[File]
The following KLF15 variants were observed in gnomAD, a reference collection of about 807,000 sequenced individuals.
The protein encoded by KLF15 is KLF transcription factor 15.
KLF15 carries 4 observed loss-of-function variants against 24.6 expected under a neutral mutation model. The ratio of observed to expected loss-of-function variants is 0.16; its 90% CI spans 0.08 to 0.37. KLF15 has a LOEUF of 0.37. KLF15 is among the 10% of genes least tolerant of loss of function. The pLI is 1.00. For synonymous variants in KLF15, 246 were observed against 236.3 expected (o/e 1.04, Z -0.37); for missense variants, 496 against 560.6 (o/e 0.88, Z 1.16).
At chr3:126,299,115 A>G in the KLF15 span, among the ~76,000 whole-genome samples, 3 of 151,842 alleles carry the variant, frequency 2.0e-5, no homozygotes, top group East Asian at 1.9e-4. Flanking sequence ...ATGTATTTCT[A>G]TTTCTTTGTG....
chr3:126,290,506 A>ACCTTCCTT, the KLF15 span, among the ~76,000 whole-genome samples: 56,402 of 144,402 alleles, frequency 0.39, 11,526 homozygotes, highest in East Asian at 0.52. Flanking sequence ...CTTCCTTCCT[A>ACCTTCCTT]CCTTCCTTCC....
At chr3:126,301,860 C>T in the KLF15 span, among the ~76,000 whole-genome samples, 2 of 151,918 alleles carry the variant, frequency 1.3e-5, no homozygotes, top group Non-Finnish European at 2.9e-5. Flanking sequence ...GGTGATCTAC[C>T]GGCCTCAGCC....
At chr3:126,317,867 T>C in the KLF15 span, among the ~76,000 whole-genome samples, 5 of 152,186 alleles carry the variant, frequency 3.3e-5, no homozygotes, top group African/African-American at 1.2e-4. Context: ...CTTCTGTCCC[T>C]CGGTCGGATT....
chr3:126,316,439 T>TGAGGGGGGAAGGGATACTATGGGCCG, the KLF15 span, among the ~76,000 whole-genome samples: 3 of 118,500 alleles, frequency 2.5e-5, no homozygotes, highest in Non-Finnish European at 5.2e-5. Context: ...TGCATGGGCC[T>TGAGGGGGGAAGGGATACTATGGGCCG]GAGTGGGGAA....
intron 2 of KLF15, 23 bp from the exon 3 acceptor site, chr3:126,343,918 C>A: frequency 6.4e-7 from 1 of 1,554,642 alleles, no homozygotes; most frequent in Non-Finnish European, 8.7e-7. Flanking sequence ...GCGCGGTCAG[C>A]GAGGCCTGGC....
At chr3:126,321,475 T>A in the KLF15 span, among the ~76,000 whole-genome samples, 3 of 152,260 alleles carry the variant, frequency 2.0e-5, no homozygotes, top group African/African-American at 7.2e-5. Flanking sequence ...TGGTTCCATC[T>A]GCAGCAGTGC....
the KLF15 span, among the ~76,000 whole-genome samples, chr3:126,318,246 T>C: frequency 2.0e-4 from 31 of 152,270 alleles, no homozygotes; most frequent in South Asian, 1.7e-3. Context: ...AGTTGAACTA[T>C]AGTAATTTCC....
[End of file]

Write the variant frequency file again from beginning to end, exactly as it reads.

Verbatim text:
The following KLF15 variants were observed in gnomAD, a reference collection of about 807,000 sequenced individuals.
The protein encoded by KLF15 is KLF transcription factor 15.
KLF15 carries 4 observed loss-of-function variants against 24.6 expected under a neutral mutation model. The ratio of observed to expected loss-of-function variants is 0.16; its 90% CI spans 0.08 to 0.37. KLF15 has a LOEUF of 0.37. KLF15 is among the 10% of genes least tolerant of loss of function. The pLI is 1.00. For synonymous variants in KLF15, 246 were observed against 236.3 expected (o/e 1.04, Z -0.37); for missense variants, 496 against 560.6 (o/e 0.88, Z 1.16).
At chr3:126,299,115 A>G in the KLF15 span, among the ~76,000 whole-genome samples, 3 of 151,842 alleles carry the variant, frequency 2.0e-5, no homozygotes, top group East Asian at 1.9e-4. Flanking sequence ...ATGTATTTCT[A>G]TTTCTTTGTG....
chr3:126,290,506 A>ACCTTCCTT, the KLF15 span, among the ~76,000 whole-genome samples: 56,402 of 144,402 alleles, frequency 0.39, 11,526 homozygotes, highest in East Asian at 0.52. Flanking sequence ...CTTCCTTCCT[A>ACCTTCCTT]CCTTCCTTCC....
At chr3:126,301,860 C>T in the KLF15 span, among the ~76,000 whole-genome samples, 2 of 151,918 alleles carry the variant, frequency 1.3e-5, no homozygotes, top group Non-Finnish European at 2.9e-5. Flanking sequence ...GGTGATCTAC[C>T]GGCCTCAGCC....
At chr3:126,317,867 T>C in the KLF15 span, among the ~76,000 whole-genome samples, 5 of 152,186 alleles carry the variant, frequency 3.3e-5, no homozygotes, top group African/African-American at 1.2e-4. Context: ...CTTCTGTCCC[T>C]CGGTCGGATT....
chr3:126,316,439 T>TGAGGGGGGAAGGGATACTATGGGCCG, the KLF15 span, among the ~76,000 whole-genome samples: 3 of 118,500 alleles, frequency 2.5e-5, no homozygotes, highest in Non-Finnish European at 5.2e-5. Context: ...TGCATGGGCC[T>TGAGGGGGGAAGGGATACTATGGGCCG]GAGTGGGGAA....
intron 2 of KLF15, 23 bp from the exon 3 acceptor site, chr3:126,343,918 C>A: frequency 6.4e-7 from 1 of 1,554,642 alleles, no homozygotes; most frequent in Non-Finnish European, 8.7e-7. Flanking sequence ...GCGCGGTCAG[C>A]GAGGCCTGGC....
At chr3:126,321,475 T>A in the KLF15 span, among the ~76,000 whole-genome samples, 3 of 152,260 alleles carry the variant, frequency 2.0e-5, no homozygotes, top group African/African-American at 7.2e-5. Flanking sequence ...TGGTTCCATC[T>A]GCAGCAGTGC....
the KLF15 span, among the ~76,000 whole-genome samples, chr3:126,318,246 T>C: frequency 2.0e-4 from 31 of 152,270 alleles, no homozygotes; most frequent in South Asian, 1.7e-3. Context: ...AGTTGAACTA[T>C]AGTAATTTCC....